Teaching Weather and Climate Activities for Kids

Teaching weather and climate? Try these activities! First, set up a classroom weather station. Then, teach kids how to read weather maps. Finally, explore climate patterns around the world.

Ms. Sanchez Explores Weather and Climate Activities

Our favorite third grade teacher sat at the back table with her co-teacher. “Okay,” she said, “let’s review our weather and climate activities. First up, a look at the related earth science standards.” She read them aloud:

NGSS 3-ESS2-1 Represent data in tables and graphical displays to describe typical weather conditions expected during a particular season.

NGSS 3-ESS2-2 Obtain and combine information to describe climates in different regions of the world.

“When we deconstructed these standards, we first agreed on a weather station,” said Mr. Jones. “Although the standard doesn’t require it, we wanted our kids to experience earth science through hands-on activities.”

“Right,” Ms. Sanchez responded, “and that way they also represent data in tables and graphs. Then, of course, they need to learn about climate.”

Setting Up a Weather Station

“So, how should we sequence our weather station activities?” Mr. Jones asked.

Ms. Sanchez referred to a file on her laptop. As she discussed it, Mr. Jones looked on.

“First, I thought we’d use the nine posters included in the weather station resource. Using them, we’ll teach kids about temperature, wind, and precipitation. Additionally, we will cover humidity, pressure, and clouds. Finally, we’ll teach them to measure using tools like thermometers, anemometers, rain gauges, and barometers.”

“Great,” her teaching partner responded. “But do you actually think our kids will use all of those tools?”

“Hmm, I’d like to try a few. However, I think our kids will be getting most of their data from online sites. Each day, they’ll record them on sheets like this one.”

“I see that the standard mentions weather and climate activities. Ultimately, they will be recording conditions for at least three seasons. That gives us a springboard to that concept and connects science concepts.

Let your students learn about weather and climate with a classroom station. Handy posters teach them about elements and tools. Organizers let them record and graph conditions.
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Teaching Weather and Climate – How to Read Maps

Ms. Sanchez nodded. “Before we begin our weather stations, we also agreed that we would teach kids about weather maps. Obviously, they need to learn the symbols before reading them online.”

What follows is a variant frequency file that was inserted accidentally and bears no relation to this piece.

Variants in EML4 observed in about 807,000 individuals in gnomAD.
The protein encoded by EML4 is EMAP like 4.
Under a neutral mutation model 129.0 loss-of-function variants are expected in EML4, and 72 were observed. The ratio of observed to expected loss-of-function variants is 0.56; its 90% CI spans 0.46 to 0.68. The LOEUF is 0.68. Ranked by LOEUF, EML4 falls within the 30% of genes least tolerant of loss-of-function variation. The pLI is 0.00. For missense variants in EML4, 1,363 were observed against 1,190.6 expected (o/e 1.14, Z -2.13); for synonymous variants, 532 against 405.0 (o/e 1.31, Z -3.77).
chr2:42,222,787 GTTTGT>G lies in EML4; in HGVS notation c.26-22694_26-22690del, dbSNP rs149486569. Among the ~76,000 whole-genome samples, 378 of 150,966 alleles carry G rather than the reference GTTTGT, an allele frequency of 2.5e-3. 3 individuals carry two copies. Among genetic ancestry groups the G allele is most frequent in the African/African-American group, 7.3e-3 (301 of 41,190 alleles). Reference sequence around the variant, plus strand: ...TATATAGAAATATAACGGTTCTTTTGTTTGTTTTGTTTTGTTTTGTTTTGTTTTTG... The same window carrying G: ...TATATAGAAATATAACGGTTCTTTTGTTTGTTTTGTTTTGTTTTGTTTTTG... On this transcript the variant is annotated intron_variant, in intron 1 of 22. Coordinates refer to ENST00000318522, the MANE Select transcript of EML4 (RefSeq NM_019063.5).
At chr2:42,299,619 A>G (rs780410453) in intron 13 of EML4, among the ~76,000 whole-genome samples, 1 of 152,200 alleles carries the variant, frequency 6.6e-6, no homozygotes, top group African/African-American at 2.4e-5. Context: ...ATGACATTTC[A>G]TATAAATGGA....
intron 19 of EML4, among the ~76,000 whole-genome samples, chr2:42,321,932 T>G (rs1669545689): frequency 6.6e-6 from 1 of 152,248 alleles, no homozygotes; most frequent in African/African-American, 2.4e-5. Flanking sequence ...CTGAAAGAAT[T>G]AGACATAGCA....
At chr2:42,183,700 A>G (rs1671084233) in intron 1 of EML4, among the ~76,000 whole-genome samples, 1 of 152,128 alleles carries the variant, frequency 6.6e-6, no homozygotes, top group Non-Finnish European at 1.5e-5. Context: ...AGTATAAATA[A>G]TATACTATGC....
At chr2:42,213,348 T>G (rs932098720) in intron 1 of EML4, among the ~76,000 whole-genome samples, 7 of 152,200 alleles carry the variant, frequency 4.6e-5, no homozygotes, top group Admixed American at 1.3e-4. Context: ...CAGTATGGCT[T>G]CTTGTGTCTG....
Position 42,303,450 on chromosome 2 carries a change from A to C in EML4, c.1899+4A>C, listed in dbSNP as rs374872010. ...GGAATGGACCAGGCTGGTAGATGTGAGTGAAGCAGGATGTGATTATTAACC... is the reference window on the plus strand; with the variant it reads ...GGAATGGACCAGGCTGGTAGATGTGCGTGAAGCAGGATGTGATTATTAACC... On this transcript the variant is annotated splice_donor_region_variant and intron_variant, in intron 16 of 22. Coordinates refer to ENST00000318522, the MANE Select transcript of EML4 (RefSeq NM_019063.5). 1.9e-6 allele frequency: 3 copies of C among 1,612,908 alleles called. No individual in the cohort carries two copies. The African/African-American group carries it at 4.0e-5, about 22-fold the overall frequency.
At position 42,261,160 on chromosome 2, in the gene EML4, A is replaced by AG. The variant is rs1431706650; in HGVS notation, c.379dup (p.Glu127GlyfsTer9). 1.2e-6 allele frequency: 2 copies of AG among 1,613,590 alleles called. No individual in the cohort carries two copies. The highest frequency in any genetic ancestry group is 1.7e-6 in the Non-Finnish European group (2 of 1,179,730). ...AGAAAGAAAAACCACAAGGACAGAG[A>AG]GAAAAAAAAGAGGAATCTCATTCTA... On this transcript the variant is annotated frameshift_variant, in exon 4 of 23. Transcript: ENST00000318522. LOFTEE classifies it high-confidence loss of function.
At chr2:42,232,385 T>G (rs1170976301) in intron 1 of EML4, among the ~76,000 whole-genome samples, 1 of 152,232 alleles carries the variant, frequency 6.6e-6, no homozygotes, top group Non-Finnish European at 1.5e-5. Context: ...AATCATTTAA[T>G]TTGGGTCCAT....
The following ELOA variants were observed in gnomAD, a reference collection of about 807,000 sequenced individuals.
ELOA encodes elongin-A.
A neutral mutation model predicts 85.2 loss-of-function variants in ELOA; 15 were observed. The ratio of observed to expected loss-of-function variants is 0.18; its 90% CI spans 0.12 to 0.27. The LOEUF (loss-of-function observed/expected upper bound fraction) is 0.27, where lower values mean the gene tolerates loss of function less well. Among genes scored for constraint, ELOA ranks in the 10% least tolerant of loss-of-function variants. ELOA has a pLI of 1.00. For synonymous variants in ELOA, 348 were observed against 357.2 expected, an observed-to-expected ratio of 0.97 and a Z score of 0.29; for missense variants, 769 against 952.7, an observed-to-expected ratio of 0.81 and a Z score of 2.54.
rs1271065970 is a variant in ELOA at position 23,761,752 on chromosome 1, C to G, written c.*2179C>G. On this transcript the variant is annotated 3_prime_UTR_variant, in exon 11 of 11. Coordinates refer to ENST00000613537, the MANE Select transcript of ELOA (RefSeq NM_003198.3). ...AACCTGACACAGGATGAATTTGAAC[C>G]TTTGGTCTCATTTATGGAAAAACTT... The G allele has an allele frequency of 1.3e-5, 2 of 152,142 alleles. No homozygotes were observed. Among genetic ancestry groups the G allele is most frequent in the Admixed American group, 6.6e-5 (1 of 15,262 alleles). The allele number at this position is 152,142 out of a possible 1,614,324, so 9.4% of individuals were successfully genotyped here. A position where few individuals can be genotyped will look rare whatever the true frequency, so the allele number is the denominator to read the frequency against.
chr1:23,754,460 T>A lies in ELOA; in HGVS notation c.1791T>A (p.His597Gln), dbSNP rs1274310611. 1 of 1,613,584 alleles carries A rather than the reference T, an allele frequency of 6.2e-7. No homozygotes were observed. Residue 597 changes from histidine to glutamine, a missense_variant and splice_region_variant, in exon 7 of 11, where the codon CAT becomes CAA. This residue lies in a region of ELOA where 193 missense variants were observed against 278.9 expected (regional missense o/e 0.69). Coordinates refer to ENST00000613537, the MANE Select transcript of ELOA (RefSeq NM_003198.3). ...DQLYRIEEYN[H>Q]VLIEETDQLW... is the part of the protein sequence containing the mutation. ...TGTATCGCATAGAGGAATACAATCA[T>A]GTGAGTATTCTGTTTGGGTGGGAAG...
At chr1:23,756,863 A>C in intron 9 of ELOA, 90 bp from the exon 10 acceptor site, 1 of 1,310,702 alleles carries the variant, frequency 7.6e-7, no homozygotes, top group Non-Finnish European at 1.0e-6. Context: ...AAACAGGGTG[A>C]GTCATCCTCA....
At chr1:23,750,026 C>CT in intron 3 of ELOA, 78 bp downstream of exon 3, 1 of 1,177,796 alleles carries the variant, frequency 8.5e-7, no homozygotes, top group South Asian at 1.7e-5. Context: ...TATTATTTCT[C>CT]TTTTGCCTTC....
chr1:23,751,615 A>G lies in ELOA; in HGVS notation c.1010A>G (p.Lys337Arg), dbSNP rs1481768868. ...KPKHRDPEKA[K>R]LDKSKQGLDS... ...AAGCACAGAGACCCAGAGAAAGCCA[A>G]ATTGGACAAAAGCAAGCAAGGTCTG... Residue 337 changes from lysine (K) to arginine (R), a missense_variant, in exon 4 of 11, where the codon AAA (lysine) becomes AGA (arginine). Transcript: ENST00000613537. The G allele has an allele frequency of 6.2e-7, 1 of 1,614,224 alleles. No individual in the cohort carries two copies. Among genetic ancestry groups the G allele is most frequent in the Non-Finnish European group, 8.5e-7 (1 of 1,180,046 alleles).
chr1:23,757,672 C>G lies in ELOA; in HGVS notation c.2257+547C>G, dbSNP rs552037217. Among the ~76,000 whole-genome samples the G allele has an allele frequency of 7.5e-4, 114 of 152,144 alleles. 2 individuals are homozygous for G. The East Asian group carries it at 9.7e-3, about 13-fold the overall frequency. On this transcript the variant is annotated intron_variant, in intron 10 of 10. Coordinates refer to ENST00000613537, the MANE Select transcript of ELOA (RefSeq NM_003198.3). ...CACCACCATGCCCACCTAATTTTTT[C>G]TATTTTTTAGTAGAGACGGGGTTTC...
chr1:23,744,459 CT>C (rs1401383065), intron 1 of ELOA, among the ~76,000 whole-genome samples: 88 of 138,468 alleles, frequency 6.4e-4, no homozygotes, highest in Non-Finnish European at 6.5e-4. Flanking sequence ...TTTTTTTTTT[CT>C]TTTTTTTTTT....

She pulled up a file with maps. “Maybe we can use these activities in the first or second week of school.”

“Sure, kids can learn about fronts in the atmosphere, as well as areas of high and low pressure. Then after a little bit of practice, they’ll be forecasting like pros.” Mr. Jones winked.

At the beginning of their weather and climate exploration, kids learn to read weather maps. This includes fronts, as well as high and low pressure. They study changes in maps for over a week to learn about forecasting.

Exploring Climate for Kids

“Finally,” said Ms. Sanchez, “kids will learn the relationship between weather and climate zones. This doesn’t have to happen right at the beginning of the year. Actually, I was thinking that it would work well around the September equinox.”

She pulled up a set of climate activities. Then both teachers took a look at them.

“Good idea! Then we can begin our discussion of seasons as well. It will give us an opportunity to introduce terminology like equator, Tropic of Cancer and Tropic of Capricorn, as well the arctic and antarctic circles.”

“Don’t forget about tropic, subtropical, temperate, and arctic zones,” his teaching partner reminded him.

Explain relationships between weather and climate with a map, descriptions, and influencers.

Teaching Weather and Climate Activities for Kids

“Yes, this will all work well. Here’s a quick run-down of our year-long exploration with weather and climate activities:

  1. Teach how to read weather maps in the first weeks of school.
  2. Set up a weather station. Each day, ask kids to record conditions. Then, ask them to graph their findings.
  3. At the September equinox, teach kids the basics of climate.

Mr. Jones smiled. “This is going to be so much fun!”

Enjoy Teaching

Engaging projects like these weather and climate activities help Mr. Jones and Ms. Sanchez enjoy teaching so much more. Why don’t you try it today?

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